But when the period of Li dynasty (1832-1910) came the martial arts were forbidden and their masters were persecuted. Their practising was illegal but continued in secret.
In 1910 the occupation army of Japan conquered Korea. That time the Japanese banned the national Korean martial arts totally. Just to a small part of privileged men was allowed to practise Judo and Kum Do. The Koreans who were cadets in Japanese military schools could train Karate and Aiki Djutsu too. Despite the prohibition under death penalty the Korean martial arts flourished. They became the main weapon in the anti-aggressive struggle.
A great contribution for the development of the modern Taekwondo has General Choi Hong Hi. He was born on 9 November 1918. As a child Choi was a weak and delicate boy. He began studying calligraphy. His teacher Han Il Dong noticed the bad health of his young student and started training him in Taek Kyon as well. Then Choi studied in Japan where he attained the rank of 2nd degree black belt in Karate. After the end of the Second World War he came back to his liberated country. There he joined the army of the new Republic of Korea. As a company commander he trained his soldiers in a fighting system combining the techniques of Karate hand hits with Taek Kyon kicks. In those days there were many different martial schools with great masters. Choi Hong Hi worked hardly on his mastery perfection and organized his own school. On 11 April 1955 a special board of the new Korean martial art summoned by General Choi decided on the name of Taekwondo which had been submitted by him. Some of the other masters joined their schools to the newly formed structure. It is unknown how many of the schools of that time went on their own way. In 1959 the Korean Taekwondo Association was founded with Choi Hong Hi as a vice-president. On the next year he was elected for president. That was the time when Taekwodo was introduced to the world. Each year a demo-team led by Choi Hong Hi performed spectacular demonstrations. They won more and more people for the great idea of Taekwondo.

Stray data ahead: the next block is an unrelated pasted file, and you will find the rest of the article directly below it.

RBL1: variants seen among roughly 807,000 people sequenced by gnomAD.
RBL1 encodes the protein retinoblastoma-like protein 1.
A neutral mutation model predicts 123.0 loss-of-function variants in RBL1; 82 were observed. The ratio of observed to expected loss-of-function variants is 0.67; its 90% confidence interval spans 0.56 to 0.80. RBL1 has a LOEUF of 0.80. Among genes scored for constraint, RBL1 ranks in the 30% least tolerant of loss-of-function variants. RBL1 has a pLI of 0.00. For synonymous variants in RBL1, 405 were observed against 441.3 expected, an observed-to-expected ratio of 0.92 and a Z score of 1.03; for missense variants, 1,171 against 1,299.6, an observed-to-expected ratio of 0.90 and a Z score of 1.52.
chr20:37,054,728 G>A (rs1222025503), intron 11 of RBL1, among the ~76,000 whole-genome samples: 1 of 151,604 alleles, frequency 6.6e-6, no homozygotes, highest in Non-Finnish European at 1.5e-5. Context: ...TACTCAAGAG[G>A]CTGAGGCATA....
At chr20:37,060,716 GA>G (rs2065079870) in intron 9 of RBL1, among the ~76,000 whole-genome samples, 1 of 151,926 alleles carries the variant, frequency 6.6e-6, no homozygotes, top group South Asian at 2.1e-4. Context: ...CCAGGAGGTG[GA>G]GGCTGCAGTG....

On 22 March 1966 was founded the International Taekwondo Federation (ITF). At the beginning its members were Korea, Vietnam, Malaysia, Singapore, The Federal Republic of Germany, USA, Turkey, Italy and Egypt.
On 28 May 1973 was established the World Taekwondo Federation (WTF) with the participation of 19 countries and the First World Competition took place in Seoul, South Korea.
On 17 July 1980 WTF was granted recognition by International Olympic Committee (IOC) at the 83th General Session in Moscow.
On 17 September 1988 Taekwondo WTF was a demonstration sport of the 24th Olympiad in Seoul with 192 competitors from over 35 nations.
On 30 July 1992 Taekwondo was a demonstration sport of the 25th Olympiad in Barcelona with 128 competitors from over 30 nations
On 4 Septeber 1994 A dream becomes reality! - Taekwondo became an official Olympic sport in Sidney 2000 Olympic Games at 103th IOC Session in Paris.